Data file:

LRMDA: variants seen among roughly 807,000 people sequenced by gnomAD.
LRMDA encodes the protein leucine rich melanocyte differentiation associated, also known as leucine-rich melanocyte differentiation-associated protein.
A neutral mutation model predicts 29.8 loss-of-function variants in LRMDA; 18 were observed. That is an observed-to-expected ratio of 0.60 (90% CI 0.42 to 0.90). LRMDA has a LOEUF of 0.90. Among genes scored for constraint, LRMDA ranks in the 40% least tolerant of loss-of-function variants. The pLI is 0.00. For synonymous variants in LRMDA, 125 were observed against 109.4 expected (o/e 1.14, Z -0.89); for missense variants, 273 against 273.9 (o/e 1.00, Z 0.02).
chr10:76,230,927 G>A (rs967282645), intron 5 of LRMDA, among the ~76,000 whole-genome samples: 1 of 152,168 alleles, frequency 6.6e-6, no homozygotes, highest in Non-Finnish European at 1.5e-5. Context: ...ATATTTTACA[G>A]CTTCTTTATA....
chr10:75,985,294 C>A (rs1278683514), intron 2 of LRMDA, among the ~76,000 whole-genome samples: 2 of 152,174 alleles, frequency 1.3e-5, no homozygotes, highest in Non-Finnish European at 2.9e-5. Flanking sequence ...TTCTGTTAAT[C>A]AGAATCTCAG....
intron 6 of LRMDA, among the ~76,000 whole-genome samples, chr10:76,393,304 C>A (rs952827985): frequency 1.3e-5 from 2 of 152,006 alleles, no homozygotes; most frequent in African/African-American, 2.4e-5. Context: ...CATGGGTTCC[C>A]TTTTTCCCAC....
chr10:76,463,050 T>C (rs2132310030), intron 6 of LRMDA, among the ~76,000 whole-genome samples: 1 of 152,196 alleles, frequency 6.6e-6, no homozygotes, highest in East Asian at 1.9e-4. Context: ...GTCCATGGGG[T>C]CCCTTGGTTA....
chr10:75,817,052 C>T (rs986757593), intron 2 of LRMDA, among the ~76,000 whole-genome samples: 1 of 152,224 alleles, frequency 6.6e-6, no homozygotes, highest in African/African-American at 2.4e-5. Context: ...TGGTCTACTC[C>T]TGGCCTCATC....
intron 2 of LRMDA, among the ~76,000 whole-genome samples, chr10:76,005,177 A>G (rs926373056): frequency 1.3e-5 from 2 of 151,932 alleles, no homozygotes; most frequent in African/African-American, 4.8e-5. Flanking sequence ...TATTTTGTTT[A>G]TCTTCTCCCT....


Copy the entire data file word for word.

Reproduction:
LRMDA: variants seen among roughly 807,000 people sequenced by gnomAD.
LRMDA encodes the protein leucine rich melanocyte differentiation associated, also known as leucine-rich melanocyte differentiation-associated protein.
A neutral mutation model predicts 29.8 loss-of-function variants in LRMDA; 18 were observed. That is an observed-to-expected ratio of 0.60 (90% CI 0.42 to 0.90). LRMDA has a LOEUF of 0.90. Among genes scored for constraint, LRMDA ranks in the 40% least tolerant of loss-of-function variants. The pLI is 0.00. For synonymous variants in LRMDA, 125 were observed against 109.4 expected (o/e 1.14, Z -0.89); for missense variants, 273 against 273.9 (o/e 1.00, Z 0.02).
chr10:76,230,927 G>A (rs967282645), intron 5 of LRMDA, among the ~76,000 whole-genome samples: 1 of 152,168 alleles, frequency 6.6e-6, no homozygotes, highest in Non-Finnish European at 1.5e-5. Context: ...ATATTTTACA[G>A]CTTCTTTATA....
chr10:75,985,294 C>A (rs1278683514), intron 2 of LRMDA, among the ~76,000 whole-genome samples: 2 of 152,174 alleles, frequency 1.3e-5, no homozygotes, highest in Non-Finnish European at 2.9e-5. Flanking sequence ...TTCTGTTAAT[C>A]AGAATCTCAG....
intron 6 of LRMDA, among the ~76,000 whole-genome samples, chr10:76,393,304 C>A (rs952827985): frequency 1.3e-5 from 2 of 152,006 alleles, no homozygotes; most frequent in African/African-American, 2.4e-5. Context: ...CATGGGTTCC[C>A]TTTTTCCCAC....
chr10:76,463,050 T>C (rs2132310030), intron 6 of LRMDA, among the ~76,000 whole-genome samples: 1 of 152,196 alleles, frequency 6.6e-6, no homozygotes, highest in East Asian at 1.9e-4. Context: ...GTCCATGGGG[T>C]CCCTTGGTTA....
chr10:75,817,052 C>T (rs986757593), intron 2 of LRMDA, among the ~76,000 whole-genome samples: 1 of 152,224 alleles, frequency 6.6e-6, no homozygotes, highest in African/African-American at 2.4e-5. Context: ...TGGTCTACTC[C>T]TGGCCTCATC....
intron 2 of LRMDA, among the ~76,000 whole-genome samples, chr10:76,005,177 A>G (rs926373056): frequency 1.3e-5 from 2 of 151,932 alleles, no homozygotes; most frequent in African/African-American, 4.8e-5. Flanking sequence ...TATTTTGTTT[A>G]TCTTCTCCCT....